Grace, mercy, and peace to you from God our Father and our Lord and Savior, Jesus Christ. Amen. I doubt that John the Baptist is the kind of person you would invite to your holiday party. He’d be a bit of a party pooper. For starters, there is his unkempt appearance: a rough tunic made of camel skin and a smile full of locust legs stuck between his teeth—that is, if John ever smiled. I wouldn’t be surprised if John was a man who hardly ever smiled. After all, he was a serious man and a teetotaler—kind of a buzzkill.
John wasn’t used to polite, friendly conversation. He was used to yelling at large crowds of people through a megaphone. Much of his preaching dealt with fire and snake pits and chopping down trees. He once called his audience a “brood of vipers” (3:7), which was a fancy way to say, “Slimy snakes.” But the worst of it all was his relentless call to repentance. “Repent!” he cried out to anyone who would listen—and to many who didn’t. “Repent, for the kingdom of heaven is at hand” (Matt. 3:2, ESV).
Repentance is a strong word. It’s also one of those “churchy” words that probably requires definition. In Hebrew and Aramaic, the languages John would have read and spoken, repentance means “to turn,” to do a 180°, to turn from sin and turn back to God. Unlike the Greek word for repentance (metanoia), which implies a change of mind or change of heart (the Greeks were always more ethereal than the earthy Hebrews), the Hebrew way of thinking involves the total person: mind, body, and soul. (Hebrew is a holistic language). Turn! Repent! Turn from your old, sinful ways, and return to God before it is too late!
But repentance is difficult and uncomfortable because it requires change. In order to repent, you must first admit that you need to make amends. You must confess that you are a sinner in need of mercy because you have acted and spoken in ways that hurt other people and violate God’s will and command. Left to our own devices, we are doomed. Unless God brings us to repentance, we cannot be saved.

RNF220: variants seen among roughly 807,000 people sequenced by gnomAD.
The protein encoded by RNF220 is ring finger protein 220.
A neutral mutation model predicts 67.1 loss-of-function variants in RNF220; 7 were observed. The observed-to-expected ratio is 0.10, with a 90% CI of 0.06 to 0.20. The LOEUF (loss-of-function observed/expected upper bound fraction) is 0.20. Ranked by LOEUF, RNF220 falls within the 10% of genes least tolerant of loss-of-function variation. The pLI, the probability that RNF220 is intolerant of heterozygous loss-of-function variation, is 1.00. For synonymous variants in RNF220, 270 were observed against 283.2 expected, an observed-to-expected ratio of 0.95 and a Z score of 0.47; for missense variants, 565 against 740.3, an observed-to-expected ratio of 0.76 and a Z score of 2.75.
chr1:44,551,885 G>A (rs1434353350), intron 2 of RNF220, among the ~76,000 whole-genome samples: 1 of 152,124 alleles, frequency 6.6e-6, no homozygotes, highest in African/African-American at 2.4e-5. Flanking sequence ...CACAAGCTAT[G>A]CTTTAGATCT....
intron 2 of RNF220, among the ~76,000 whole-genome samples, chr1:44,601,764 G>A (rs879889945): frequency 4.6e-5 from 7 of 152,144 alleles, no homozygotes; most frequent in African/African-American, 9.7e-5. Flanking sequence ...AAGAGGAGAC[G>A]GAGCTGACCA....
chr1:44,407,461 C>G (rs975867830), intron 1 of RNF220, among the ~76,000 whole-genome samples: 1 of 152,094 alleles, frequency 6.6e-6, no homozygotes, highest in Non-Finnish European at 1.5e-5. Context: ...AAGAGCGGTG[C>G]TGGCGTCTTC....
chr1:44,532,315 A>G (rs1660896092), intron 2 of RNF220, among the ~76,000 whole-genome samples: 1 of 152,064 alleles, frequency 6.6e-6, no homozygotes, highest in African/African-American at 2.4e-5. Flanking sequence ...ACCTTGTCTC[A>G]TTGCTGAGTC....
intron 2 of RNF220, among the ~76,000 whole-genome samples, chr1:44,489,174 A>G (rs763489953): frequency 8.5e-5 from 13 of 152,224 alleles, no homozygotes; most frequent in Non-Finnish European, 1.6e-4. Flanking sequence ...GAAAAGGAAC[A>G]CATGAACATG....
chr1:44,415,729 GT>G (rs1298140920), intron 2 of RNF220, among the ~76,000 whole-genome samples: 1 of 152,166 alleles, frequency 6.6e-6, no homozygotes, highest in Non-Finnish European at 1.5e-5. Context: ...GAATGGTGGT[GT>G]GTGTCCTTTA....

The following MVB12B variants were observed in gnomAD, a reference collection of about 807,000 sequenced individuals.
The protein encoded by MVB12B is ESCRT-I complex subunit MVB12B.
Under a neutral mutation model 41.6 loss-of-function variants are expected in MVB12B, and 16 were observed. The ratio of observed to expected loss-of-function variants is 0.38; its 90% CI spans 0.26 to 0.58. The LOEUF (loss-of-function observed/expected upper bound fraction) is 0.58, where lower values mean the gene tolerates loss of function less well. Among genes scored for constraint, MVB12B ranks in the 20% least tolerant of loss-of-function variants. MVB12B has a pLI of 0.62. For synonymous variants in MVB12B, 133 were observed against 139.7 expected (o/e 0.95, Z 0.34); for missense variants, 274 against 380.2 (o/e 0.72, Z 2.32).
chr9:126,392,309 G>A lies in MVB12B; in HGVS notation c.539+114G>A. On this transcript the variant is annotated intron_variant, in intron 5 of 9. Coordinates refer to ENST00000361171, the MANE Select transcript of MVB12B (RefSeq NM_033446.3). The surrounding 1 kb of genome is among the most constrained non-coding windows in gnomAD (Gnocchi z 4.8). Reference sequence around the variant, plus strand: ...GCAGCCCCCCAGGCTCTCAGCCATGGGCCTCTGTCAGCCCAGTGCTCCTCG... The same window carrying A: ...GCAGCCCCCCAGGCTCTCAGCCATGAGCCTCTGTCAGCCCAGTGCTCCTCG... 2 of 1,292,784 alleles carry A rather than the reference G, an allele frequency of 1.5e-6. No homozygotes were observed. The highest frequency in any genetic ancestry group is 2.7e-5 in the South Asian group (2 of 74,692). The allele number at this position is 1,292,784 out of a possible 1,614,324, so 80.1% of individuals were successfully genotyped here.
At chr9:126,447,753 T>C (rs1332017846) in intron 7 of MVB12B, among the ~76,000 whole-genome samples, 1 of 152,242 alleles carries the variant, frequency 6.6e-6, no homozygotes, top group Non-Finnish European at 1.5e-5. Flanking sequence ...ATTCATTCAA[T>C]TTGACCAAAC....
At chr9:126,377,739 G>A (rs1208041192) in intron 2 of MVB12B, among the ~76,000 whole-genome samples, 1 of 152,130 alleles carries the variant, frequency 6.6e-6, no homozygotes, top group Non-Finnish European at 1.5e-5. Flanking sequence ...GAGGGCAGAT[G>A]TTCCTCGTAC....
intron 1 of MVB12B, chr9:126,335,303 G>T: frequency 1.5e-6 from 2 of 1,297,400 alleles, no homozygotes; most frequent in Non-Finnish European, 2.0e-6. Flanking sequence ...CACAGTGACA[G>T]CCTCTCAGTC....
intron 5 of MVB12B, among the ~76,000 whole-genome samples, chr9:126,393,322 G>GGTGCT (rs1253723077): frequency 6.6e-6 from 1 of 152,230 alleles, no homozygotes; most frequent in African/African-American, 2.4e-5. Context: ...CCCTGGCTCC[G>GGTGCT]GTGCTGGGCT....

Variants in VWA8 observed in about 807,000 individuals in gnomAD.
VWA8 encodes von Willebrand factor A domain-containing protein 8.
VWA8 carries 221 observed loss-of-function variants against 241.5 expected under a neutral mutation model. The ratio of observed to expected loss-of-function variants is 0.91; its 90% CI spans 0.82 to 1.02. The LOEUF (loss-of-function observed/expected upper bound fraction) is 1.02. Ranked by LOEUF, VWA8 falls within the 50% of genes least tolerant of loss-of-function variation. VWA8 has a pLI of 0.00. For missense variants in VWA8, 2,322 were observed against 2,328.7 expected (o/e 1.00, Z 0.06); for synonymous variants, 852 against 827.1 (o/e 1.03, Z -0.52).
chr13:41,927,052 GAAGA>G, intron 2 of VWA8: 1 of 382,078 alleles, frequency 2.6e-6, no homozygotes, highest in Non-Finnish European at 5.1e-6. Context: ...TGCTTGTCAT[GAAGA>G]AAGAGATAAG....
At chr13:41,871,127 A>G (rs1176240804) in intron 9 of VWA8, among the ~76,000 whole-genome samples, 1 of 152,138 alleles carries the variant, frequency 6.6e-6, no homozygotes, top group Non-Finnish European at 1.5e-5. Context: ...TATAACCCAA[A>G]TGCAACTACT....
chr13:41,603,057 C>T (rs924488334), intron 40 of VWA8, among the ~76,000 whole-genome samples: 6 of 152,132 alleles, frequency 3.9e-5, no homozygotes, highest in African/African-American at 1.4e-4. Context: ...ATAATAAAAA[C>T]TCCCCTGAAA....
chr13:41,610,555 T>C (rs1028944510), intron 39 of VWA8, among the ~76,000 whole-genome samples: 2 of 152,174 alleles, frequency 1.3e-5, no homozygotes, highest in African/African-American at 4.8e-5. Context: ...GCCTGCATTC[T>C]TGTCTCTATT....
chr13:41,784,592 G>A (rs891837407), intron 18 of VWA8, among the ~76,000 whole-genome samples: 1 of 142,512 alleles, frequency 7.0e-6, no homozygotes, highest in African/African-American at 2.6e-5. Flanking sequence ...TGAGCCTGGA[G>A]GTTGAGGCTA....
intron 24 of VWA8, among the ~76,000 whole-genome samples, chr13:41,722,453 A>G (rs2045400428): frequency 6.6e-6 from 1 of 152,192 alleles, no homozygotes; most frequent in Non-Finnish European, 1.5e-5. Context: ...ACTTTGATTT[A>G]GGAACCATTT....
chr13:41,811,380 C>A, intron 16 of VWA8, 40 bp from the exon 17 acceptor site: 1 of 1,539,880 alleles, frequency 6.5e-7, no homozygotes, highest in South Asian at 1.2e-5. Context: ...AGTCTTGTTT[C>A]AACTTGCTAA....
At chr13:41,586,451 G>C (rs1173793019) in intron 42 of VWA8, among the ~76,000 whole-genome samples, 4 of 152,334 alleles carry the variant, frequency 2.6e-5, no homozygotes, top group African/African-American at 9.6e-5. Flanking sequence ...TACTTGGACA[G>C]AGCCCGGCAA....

Repentance wasn’t John’s only message. Apparently, he also taught his disciples a thing or two about prayer (Luke 11:1). But repentance was his soap box, his stump speech, his main idea. As Frederick Buechner has it: “Your only hope, he said, was to clean up your life as if your life depended on it, which it did, and get baptized in a hurry as sign that you had.”
But, you may ask, how do I repent? How do I turn? How do I clean up my life? That is a very good question. There is no proscribed formula for repentance. It’s more posture than procedure. But here is the basic idea. First, tell God that you are sorry for your sins—not just sorry that you got caught, but sorry for the destruction your sin has caused in your life and the lives of the people around you. “For godly grief produces a repentance that leads to salvation without regret, whereas worldly grief produces death” (2 Cor. 7:10).
Second, ask God to forgive you. “Jesus, I’m sorry. I messed up again. Please forgive me.” God is rich in grace and ready to forgive. Jesus prayed on the cross, “Father, forgive them, for they know not what they do” (Luke 23:34). And ever since then, Christ has been our advocate with the Father, urging him to have mercy on our sorry souls (1 John 2:1).